Sunday 1 November 2009
Eshkol National Park
Any drive in the Negev is exciting, but often the cry goes up:”but where can we stop?”
The Eshkol National Park, quite near the northwestern Negev town of Ofakim, between Beersheva and Sderot,Eshkol has extensive lawns, picnic areas, history and a playground. It is a great starting point for a drive along the Besor Stream’s unusual scenic route.
For those of you wanting to stretch your legs a little, a fine view awaits at the top of a hill, known in Arabic as Shalala Ruins, to the north of the national park. During World War I, Australian cavalry troops fought the Turkish army here. Whilst digging in, they also discovered the remains of a Byzantine church with a beautiful mosaic floor, which is now on display in Canberra, the Australian capital. They built a wooden bridge in1917 for a railway line which ran from Rafah to Beersheva from 1918 to 1927 three times a week and its concrete foundations can be seen in the river bed. The bridge was reconstructed in 2004.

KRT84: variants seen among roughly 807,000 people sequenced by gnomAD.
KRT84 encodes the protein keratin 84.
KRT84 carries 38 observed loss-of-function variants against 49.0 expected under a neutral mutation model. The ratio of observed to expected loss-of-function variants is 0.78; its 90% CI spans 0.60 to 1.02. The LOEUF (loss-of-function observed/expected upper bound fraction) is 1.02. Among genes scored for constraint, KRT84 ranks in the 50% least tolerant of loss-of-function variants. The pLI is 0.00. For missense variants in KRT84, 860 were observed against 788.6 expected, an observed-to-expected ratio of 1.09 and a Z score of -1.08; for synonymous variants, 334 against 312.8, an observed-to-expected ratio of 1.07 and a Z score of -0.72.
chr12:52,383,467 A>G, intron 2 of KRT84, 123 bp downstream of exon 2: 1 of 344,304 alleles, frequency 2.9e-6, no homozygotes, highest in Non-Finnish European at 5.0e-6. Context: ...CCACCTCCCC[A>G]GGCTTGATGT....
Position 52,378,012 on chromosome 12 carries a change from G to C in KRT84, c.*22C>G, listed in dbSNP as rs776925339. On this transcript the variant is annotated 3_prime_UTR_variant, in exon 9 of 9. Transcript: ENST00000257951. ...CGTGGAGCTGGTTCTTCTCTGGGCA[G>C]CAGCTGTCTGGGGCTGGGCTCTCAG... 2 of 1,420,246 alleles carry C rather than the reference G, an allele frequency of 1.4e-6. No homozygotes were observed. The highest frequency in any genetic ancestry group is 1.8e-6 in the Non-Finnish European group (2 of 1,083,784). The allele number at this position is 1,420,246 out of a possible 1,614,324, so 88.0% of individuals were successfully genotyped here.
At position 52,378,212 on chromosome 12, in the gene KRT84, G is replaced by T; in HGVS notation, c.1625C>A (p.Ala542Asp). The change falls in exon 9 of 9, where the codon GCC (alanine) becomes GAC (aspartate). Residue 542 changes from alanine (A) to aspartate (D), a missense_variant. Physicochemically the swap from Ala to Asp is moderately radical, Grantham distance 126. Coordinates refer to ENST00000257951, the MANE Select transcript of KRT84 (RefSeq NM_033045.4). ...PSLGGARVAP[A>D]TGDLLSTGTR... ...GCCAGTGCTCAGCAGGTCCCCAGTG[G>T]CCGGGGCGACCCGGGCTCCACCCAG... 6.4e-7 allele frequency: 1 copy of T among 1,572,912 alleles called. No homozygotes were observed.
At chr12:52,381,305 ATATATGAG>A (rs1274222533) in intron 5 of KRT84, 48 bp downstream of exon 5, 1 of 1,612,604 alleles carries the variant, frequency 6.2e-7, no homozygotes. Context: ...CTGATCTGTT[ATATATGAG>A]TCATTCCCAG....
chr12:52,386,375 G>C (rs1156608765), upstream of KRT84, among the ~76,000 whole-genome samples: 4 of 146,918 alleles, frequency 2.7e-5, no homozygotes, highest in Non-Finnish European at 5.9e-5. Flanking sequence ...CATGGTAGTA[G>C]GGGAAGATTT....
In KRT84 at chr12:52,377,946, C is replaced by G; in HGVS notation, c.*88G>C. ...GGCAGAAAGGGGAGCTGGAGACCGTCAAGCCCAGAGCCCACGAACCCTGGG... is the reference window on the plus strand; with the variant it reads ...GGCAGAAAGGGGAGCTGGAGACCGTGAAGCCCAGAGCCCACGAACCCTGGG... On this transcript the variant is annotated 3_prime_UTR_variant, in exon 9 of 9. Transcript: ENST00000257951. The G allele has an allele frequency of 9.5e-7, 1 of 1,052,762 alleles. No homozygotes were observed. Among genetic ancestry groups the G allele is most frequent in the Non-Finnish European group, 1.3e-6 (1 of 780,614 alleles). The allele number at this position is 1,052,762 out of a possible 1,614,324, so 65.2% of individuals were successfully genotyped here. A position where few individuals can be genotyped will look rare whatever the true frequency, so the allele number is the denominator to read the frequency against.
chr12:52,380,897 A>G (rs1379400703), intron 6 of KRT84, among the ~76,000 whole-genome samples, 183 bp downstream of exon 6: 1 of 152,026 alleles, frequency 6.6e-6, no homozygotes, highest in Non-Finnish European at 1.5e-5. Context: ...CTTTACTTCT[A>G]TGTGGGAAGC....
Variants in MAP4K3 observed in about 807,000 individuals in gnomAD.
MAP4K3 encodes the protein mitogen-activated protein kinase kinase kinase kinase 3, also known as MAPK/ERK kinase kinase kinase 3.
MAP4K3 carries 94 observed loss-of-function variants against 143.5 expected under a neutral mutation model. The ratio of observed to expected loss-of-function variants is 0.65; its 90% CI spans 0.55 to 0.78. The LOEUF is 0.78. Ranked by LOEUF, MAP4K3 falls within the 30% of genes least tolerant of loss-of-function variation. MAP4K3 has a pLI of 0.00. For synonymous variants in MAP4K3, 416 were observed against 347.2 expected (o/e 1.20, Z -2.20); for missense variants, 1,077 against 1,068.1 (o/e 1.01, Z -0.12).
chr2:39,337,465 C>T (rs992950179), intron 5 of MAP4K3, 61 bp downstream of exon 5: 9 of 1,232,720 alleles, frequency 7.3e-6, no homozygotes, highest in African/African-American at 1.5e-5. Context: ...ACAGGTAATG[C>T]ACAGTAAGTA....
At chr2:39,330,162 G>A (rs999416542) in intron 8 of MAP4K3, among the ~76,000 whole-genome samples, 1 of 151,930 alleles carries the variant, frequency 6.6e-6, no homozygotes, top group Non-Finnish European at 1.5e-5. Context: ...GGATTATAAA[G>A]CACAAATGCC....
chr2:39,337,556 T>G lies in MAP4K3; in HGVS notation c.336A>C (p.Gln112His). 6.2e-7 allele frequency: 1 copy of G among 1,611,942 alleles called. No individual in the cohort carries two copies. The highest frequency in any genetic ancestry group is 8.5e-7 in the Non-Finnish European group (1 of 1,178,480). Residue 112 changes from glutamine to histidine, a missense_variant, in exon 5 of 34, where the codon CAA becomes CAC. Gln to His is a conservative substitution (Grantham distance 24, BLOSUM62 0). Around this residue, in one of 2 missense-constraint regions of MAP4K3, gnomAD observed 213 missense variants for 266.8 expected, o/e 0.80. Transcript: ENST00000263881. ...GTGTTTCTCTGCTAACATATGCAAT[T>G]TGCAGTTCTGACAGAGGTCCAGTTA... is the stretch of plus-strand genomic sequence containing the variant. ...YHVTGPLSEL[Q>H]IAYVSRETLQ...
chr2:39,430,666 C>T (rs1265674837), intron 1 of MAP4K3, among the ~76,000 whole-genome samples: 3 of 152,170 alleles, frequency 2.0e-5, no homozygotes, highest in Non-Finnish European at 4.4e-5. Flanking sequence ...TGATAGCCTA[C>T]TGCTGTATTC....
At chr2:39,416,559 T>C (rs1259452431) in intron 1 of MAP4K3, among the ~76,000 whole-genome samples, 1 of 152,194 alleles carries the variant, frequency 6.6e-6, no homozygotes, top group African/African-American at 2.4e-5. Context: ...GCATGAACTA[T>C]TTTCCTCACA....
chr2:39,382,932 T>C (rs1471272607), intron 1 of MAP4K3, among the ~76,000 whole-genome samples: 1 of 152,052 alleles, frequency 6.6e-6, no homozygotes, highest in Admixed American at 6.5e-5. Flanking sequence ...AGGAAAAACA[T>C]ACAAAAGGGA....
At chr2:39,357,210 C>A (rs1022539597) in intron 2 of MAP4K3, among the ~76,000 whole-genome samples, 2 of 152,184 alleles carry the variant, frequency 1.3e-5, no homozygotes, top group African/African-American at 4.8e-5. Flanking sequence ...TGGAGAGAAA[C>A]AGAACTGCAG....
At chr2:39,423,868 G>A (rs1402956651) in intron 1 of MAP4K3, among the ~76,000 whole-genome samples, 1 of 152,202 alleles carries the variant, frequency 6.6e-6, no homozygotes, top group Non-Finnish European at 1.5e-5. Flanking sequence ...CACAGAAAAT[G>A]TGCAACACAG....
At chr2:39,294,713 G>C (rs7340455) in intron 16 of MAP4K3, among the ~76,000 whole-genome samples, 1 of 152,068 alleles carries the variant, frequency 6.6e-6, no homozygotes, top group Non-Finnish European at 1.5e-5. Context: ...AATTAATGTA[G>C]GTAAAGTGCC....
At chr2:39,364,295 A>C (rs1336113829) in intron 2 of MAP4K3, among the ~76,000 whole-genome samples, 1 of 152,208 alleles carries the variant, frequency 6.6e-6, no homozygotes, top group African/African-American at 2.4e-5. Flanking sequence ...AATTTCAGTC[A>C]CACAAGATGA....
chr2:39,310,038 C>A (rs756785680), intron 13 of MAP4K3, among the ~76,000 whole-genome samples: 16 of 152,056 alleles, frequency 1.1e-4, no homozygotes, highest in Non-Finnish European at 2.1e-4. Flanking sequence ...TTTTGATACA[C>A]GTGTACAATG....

The remnants of an ancient Egyptian way-station were found on a small hill in the centre of the park, showing that, thousands of years ago, the area was significant. En HaBesor, the Besor spring, which is a real rarity in this part of the world as it flows throughout the year , emerges at the foot of the hill, creating a warm-water pool, the Sharuhen Pool – 20 degrees centigrade year-round. Although the chance of a dip would be really welcome, the water is very brackish and swimming is not allowed. The British military authorities built the, not very attractive, concrete buildings near the spring to house water pumps for their horses and steam locomotives, as they forged a rail link here between Egypt and Mandate Palestine. They probably didn’t know that about 2000 years earlier, the Romans had built a route from Rafah to the Dead Sea, which also crossed the wadi just south of the pool. Their horses were thirsty, too.
The park lies about 15 km west of Ofakim on Route 241. And the ostriches? Ostrich farming on the northern side of the road might just distract you as you look for the entrance to the south.